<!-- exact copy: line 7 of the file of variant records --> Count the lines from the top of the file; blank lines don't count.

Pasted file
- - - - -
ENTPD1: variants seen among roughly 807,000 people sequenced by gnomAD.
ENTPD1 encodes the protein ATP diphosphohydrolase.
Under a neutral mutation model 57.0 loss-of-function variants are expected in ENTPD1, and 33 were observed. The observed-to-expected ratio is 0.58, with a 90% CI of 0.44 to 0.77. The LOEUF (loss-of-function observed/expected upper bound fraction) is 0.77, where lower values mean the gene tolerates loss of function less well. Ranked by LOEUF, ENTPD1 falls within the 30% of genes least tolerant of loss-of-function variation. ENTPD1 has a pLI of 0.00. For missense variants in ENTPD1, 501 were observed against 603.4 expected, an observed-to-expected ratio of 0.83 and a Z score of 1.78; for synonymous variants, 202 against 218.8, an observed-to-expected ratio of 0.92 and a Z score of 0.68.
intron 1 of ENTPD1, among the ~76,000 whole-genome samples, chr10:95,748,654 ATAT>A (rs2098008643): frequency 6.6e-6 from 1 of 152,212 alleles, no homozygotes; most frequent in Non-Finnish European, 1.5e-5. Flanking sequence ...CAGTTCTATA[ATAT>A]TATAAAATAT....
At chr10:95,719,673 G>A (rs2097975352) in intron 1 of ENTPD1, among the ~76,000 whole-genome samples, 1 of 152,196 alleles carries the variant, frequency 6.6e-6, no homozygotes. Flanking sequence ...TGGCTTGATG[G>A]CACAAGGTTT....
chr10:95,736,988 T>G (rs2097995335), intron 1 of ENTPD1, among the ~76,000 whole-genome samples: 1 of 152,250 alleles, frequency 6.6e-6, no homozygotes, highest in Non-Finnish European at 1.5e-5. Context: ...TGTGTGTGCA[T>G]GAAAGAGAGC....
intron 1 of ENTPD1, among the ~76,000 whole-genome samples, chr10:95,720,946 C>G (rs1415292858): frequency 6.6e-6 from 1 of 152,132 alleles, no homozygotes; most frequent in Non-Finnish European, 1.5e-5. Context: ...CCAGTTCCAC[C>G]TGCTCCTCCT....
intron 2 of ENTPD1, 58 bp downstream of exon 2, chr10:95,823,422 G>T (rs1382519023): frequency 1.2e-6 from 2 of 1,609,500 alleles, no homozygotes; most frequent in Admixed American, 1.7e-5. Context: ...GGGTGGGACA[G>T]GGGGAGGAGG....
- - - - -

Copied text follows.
intron 1 of ENTPD1, among the ~76,000 whole-genome samples, chr10:95,720,946 C>G (rs1415292858): frequency 6.6e-6 from 1 of 152,132 alleles, no homozygotes; most frequent in Non-Finnish European, 1.5e-5. Context: ...CCAGTTCCAC[C>G]TGCTCCTCCT....